On Monday, the Los Angeles Lakers met for practice following a victory the night before, a feel good 132-113 win over the last place Atlanta Hawks that ended a nine-game skid. Understandably, the mood was lighter and more positive come Monday morning.
"You could feel it in the energy in here," Lakers coach Luke Walton, who was a bit under the weather, said following the Monday session. "People are in better moods when you win."
With Earvin "Magic" Johnson and Rob Pelinka, the duo that leads the team's front office, watching from above, the Lakers went through a practice that consisted of a long film session and some basic fundamentals drills. Walton said the schedule doesn't afford the opportunity to go too hard in practice with games coming every other day.
Walton also shared that he planned to speak to Johnson, who is the Lakers President of Basketball Operations, after practice, as the Lakers' organization has been mum on supporting its coach while he's been taking heat from the outspoken parent of his rookie point guard. Lonzo Ball's father recently made news by hypothesizing to ESPN that Walton had lost the locker room and that his player were no longer playing for the coach.
Asked if he liked playing for Walton on Sunday, Ball provided the flimsiest of endorsements by stating, "I'll play for anybody."
On Monday, Lakers rookie Kyle Kuzma offered his support for Walton in far more clear and certain terms.
"Luke is my guy," Kuzma said. "I love playing for him. I'm sure most of us love playing for him, too."
The rookie forward said that he took issue with the idea that the team quit on Walton and confidently added, "We stand by Luke. I know the front office does."
Thus far, thought, the front office has not publicly come out to support its under fire coach, and the Lakers are currently last in the Western Conference and have lost 12 of their last 14 games. Pelinka and Johnson did not appear to be in any hurry to speak to the reporters gathered at the facility on Monday.
With the Lakers constantly drawing attention and making headlines for all the right and wrong reasons, the 22-year-old forward out of Michigan also gave his unique view on the state of sports news coverage as a whole and the environment a rookie enters in the modern NBA.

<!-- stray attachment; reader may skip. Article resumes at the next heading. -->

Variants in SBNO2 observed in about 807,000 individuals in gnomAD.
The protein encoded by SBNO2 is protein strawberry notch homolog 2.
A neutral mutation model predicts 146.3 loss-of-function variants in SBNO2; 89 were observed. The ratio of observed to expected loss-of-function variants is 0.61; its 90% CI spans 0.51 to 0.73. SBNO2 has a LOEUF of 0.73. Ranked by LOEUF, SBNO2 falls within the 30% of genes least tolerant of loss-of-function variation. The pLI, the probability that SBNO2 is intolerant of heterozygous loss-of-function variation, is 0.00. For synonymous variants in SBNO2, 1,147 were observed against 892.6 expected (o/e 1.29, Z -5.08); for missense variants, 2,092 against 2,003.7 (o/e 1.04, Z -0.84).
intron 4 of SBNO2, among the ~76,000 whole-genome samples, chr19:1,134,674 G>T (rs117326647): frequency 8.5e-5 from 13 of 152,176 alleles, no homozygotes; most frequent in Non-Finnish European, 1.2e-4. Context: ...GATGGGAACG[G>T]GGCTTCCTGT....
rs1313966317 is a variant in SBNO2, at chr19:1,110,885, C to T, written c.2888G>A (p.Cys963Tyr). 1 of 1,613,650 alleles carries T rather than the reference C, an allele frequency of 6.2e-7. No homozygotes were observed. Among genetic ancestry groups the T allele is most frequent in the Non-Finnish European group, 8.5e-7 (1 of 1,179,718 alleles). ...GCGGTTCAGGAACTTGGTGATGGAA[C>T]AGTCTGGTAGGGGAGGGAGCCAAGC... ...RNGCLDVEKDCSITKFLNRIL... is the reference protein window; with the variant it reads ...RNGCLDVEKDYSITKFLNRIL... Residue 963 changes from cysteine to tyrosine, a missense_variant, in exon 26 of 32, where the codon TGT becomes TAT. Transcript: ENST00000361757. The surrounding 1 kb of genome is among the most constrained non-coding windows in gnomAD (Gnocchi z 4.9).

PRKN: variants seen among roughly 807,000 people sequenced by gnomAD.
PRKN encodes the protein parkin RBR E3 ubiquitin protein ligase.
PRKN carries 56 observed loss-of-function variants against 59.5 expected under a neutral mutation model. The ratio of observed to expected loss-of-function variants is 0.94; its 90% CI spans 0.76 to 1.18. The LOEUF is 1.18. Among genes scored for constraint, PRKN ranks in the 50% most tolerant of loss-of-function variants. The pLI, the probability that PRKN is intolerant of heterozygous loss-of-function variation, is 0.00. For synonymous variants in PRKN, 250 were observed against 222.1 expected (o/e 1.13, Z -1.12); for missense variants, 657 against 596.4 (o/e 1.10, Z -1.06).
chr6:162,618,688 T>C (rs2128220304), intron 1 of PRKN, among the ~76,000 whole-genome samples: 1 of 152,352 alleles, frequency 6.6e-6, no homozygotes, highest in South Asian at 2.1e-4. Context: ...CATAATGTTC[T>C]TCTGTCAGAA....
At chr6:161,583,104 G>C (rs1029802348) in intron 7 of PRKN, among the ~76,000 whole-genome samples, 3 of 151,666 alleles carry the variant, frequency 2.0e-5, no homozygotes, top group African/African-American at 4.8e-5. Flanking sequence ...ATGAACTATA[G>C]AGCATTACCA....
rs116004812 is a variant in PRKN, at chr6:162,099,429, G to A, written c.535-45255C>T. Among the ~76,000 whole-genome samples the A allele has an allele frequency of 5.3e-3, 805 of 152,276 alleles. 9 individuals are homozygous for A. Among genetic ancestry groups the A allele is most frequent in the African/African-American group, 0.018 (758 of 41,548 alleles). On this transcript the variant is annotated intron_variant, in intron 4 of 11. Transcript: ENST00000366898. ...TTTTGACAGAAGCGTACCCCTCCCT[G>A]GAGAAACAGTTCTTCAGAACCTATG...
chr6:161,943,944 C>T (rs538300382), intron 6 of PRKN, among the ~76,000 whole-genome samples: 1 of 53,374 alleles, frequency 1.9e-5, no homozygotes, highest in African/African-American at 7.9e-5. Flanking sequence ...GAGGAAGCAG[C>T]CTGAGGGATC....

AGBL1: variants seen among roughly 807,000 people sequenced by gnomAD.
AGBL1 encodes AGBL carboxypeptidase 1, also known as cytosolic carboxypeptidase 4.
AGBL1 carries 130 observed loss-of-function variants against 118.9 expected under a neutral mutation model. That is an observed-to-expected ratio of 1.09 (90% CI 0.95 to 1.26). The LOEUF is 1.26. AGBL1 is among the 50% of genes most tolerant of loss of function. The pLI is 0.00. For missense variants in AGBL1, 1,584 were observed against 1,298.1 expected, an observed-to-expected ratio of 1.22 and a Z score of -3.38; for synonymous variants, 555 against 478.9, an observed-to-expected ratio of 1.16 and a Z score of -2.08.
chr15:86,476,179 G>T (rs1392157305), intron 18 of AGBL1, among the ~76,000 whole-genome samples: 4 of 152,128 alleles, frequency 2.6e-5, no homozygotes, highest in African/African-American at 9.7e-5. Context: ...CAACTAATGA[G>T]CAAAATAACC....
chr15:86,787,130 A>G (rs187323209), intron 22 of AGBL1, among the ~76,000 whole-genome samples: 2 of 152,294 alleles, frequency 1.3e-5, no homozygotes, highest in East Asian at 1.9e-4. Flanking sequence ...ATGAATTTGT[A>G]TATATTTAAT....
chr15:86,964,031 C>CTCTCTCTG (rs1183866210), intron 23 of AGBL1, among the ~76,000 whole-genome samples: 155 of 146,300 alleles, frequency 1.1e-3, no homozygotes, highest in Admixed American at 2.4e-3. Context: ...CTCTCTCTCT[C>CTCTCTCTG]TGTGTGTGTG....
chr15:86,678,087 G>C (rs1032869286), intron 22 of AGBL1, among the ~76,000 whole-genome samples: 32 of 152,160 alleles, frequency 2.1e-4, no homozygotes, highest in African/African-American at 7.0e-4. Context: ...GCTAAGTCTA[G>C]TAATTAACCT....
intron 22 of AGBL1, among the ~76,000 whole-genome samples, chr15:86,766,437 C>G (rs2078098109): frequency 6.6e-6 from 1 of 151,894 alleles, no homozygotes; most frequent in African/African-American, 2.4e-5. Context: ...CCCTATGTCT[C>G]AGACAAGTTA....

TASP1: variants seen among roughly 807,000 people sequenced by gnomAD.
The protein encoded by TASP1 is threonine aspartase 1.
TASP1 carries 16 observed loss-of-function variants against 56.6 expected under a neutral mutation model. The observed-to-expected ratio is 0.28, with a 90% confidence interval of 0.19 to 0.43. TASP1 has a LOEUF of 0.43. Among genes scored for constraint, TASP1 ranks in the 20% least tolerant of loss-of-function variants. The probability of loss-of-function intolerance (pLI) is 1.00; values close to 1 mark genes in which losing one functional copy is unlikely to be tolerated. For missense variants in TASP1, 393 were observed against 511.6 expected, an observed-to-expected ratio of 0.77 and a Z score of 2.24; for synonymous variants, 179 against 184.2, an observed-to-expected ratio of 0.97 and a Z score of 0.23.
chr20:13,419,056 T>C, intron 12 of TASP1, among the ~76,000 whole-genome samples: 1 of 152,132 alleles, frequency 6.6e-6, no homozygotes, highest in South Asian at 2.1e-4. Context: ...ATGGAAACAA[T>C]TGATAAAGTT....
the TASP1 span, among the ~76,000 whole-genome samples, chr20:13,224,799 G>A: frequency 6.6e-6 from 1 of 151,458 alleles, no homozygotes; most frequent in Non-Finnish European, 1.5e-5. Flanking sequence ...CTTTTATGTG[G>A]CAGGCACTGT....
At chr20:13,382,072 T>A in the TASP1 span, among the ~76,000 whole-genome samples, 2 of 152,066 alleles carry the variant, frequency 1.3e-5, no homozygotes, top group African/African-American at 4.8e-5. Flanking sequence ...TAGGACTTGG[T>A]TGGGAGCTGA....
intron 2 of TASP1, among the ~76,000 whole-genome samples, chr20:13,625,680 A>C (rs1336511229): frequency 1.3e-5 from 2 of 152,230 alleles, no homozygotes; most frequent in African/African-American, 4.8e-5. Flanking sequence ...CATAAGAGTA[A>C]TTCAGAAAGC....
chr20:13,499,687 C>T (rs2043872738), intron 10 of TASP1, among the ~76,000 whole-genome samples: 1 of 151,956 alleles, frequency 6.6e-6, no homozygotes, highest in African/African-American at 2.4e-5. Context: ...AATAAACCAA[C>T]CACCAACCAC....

"It's kind of hard in our society. Social media is so big in our lives," Kuzma said. "It's all over the place. ESPN puts out anything for clicks now, it kind of seems like. It's all over the place. You can't really hide from it. It's just a thing that you have to deal with it and just move past it. No other generation of NBA players have had to deal with what we have to deal with in our era. It's a little different, but you just have to try to block it out as much as you can."
Kuzma also provided the quote of the day when asked why his production had fallen off in recent games. The forward out of Utah had failed to score in double figures in two of his previous four games after averaging 19.5 points per game for the month of December and hitting the double figures mark in 12 of 14 games to close out 2017.
Kuzma said in a nonchalant, brilliant manner, "You can't be Superman all year, so..."
Kentavious Caldwell-Pope Finally Back Home
Stemming from a DUI while he was a member of the Detroit Pistons, Lakers guard Kentavious Caldwell-Pope had been ordered to stay in the state of California for 25 days to complete a program that forced the guard to stay overnight at a detention facility, away from his family over the holidays.
On Monday morning, "KCP" was finally back home with his loved ones after completing the court ordered program. He is also now available to travel with the team outside of California and should not miss any more games due to the issue. The forward said he had paid he debt and did not have any lingering requirement related to the case.
"I'm just happy to be home," Caldwell-Pope said on Monday.